Woody weeds in East Africa
Many exotic trees and shrubs have been introduced into Africa and become destructive invasive species. They’re reducing native biodiversity and limiting the livelihoods of those that live in rural communities. CABI is trying to mitigate these impacts in East Africa by generating and sharing knowledge on their effects and finding ways that they can be controlled.
So, what’s the problem
Many exotic trees and shrubs have been introduced into Africa, but a few have escaped cultivation and become destructive alien invasive species reducing native biodiversity and limiting the livelihoods of those that live in rural communities.
Woody species such as invasive Prosopis spp, Lantana camara and Chromolaena odorata are some of the worst offenders. In South Africa alone, the costs to ecosystem services were estimated at USD 1 billion per year.
Some developed countries have rolled out large programmes to mitigate the negative impacts of woody invasive species. But in Eastern Africa, where those living in rural communities are more vulnerable to the impacts of invading species, there is a lack of coordinated and effective sustainable management of woody alien invasive species.
What is this project doing?
The aim of the project is to mitigate the negative effects of woody invasive alien species on biodiversity, ecosystem services and human well-being in East Africa.
To achieve this goal, the team will generate and share knowledge on how the invasive species establish and spread and on the effects and impacts of the invaders in the different contexts of Ethiopia, Kenya and Tanzania. The project team will also develop and improve measures for controlling the species, which will be built into ‘Sustainable Land Management’ strategies that will help the countries to mitigate the impacts of the species.
- assessing the relationship between abundance of the invasive and their impacts at a local level
- mapping current and potential future distribution of selected woody invasive alien species in case study areas on local and country level and using this information to raise awareness of the problem
- developing and evaluating management options: biological, physical and chemical control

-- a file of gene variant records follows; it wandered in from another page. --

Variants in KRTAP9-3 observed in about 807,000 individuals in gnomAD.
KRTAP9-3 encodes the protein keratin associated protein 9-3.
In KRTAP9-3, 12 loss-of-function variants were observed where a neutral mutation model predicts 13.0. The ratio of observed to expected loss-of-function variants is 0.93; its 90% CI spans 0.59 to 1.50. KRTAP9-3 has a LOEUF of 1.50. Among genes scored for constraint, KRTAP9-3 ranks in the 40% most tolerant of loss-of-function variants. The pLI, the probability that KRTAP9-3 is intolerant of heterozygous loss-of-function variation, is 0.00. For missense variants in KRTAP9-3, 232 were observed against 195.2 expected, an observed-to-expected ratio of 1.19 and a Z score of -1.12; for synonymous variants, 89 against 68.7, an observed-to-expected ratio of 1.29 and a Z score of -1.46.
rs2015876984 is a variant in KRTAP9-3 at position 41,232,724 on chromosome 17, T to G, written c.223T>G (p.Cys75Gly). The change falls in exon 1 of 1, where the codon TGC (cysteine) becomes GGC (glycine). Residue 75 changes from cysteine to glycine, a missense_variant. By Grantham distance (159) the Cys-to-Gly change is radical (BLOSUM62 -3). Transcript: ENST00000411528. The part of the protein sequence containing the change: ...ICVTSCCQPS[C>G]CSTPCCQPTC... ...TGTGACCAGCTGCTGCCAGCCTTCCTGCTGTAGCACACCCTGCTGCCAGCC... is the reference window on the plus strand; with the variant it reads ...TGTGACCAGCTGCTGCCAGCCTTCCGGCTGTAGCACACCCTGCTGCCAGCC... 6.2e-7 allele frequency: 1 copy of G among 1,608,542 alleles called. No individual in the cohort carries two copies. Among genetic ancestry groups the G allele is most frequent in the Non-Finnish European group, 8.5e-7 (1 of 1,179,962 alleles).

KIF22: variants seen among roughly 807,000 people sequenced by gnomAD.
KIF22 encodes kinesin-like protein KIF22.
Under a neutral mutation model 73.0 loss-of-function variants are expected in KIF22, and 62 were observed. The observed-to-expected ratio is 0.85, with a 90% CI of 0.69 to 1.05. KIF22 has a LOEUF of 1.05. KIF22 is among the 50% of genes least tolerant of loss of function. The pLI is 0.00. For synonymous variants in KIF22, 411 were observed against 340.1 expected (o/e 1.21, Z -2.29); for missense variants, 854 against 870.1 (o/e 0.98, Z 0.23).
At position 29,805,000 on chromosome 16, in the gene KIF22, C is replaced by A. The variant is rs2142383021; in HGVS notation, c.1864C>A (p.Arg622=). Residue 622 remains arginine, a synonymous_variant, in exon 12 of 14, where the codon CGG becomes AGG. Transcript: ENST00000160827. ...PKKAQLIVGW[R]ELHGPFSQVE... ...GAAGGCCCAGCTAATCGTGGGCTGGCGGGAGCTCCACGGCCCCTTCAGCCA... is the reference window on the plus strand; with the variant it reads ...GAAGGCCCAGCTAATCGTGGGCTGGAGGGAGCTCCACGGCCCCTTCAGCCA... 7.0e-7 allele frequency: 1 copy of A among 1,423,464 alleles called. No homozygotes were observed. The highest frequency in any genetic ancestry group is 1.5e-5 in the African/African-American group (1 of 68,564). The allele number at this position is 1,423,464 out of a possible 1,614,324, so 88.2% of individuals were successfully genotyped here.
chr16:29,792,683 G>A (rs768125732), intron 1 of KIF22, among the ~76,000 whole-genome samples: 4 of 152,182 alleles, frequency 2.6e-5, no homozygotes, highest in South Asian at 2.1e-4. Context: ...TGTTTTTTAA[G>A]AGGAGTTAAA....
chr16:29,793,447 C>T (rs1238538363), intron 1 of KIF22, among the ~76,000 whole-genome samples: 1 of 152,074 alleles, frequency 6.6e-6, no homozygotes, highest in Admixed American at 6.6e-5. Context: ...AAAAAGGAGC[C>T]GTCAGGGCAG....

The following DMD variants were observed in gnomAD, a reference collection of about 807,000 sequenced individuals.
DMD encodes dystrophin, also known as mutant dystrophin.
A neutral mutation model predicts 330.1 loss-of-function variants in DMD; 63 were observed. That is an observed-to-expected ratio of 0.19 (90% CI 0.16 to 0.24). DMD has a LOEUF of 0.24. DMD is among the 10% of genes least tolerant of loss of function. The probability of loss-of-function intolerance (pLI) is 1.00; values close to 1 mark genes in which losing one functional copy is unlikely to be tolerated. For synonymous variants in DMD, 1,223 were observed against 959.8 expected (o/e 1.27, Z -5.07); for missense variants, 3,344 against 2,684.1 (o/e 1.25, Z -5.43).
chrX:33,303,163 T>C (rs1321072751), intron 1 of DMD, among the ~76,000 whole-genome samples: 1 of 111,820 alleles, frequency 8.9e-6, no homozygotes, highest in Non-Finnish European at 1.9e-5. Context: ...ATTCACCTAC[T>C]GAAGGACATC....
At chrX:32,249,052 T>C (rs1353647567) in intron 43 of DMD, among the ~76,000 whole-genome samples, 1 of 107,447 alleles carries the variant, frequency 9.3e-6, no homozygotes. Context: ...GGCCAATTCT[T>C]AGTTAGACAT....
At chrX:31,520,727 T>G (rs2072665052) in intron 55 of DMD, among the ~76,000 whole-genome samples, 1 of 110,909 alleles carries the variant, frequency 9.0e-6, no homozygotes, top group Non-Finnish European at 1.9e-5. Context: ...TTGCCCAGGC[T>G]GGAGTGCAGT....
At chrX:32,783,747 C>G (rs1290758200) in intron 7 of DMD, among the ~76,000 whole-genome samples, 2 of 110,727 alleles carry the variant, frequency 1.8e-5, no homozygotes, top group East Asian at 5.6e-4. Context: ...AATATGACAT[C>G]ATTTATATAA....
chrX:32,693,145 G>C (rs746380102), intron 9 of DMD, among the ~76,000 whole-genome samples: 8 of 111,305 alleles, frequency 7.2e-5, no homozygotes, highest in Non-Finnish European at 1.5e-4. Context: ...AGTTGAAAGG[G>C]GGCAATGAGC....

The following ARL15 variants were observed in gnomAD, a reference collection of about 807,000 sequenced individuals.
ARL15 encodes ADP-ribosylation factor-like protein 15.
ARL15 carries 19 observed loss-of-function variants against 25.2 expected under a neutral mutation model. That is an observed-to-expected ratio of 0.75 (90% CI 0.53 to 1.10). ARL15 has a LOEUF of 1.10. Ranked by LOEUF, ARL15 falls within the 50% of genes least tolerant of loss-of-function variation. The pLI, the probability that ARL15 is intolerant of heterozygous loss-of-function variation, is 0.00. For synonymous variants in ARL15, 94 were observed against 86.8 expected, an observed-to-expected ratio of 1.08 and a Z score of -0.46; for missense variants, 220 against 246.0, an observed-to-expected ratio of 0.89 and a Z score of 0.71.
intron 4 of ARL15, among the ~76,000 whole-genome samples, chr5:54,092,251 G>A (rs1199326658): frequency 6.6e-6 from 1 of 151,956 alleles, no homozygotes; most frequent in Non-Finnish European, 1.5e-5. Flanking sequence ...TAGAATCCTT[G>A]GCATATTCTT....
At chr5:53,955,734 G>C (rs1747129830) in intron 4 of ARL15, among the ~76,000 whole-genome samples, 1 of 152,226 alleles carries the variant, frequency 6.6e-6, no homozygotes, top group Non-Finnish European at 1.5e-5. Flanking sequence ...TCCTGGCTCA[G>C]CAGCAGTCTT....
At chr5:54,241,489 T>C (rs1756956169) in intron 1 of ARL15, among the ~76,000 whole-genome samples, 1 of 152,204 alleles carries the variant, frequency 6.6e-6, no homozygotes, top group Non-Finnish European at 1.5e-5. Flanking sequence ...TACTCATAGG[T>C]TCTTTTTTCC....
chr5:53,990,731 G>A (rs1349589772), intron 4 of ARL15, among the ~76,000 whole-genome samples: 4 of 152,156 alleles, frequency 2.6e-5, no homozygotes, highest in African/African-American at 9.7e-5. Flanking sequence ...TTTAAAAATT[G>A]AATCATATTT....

- developing, testing and disseminating strategies to mitigate negative effects of woody invasive species
The project will be implemented in Ethiopia, Kenya and Tanzania. In each country, the activities will primarily focus on one case study area and selected focal species.
To understand how the effects of woody invasive species upscale from the local to the national level, small-scale field studies will be combined with field surveys, remote sensing and species distribution modelling using GIS-based spatial analysis to assess the current and potential distribution of selected woody invasive alien species in the study areas.
The project’s research findings will inform the development of practical mitigation strategies from the local to the national scale and, underpinned by active engagement with policy-makers, lead to the development of a policy environment that is conducive for widespread application of sustainable land management approaches that will mitigate the negative impacts of woody invasive alien species.
A map that details vegetation coverage of the Afar Region of Ethiopia revealed that Prosopis, the main woody invasive alien species in the region, has invaded more than 1.3 million hectares of grass- and shrub-land (14% of their total area) over the last 35 years.
Water consumption by this evergreen Prosopis alone is approximately equivalent to the total rainfall in the invaded area. Both in Afar and in Baringo County in Kenya, Prosopis invasion significantly reduces fodder for livestock and local biodiversity, including medicinal plant species.
Local stakeholders in both regions are fully aware of the main adverse effects of Prosopis and give them more weight than the positive effects of this deliberately introduced tree.
Our experimental studies showed that another woody invader, Lantana camara, negatively affects crop plant growth. Stakeholders in the invaded area must therefore invest more money in weeding their crop fields than stakeholders in uninvaded areas. Moreover, our research show that invasion by Lantana and another invasive shrubs, such as Chromolaena odorata, reduces biodiversity in grasslands.
In the future, both Prosopis and Lantana are likely to spread further in eastern Africa, increasing the overall impact on biodiversity, ecosystems services and rural livelihoods.
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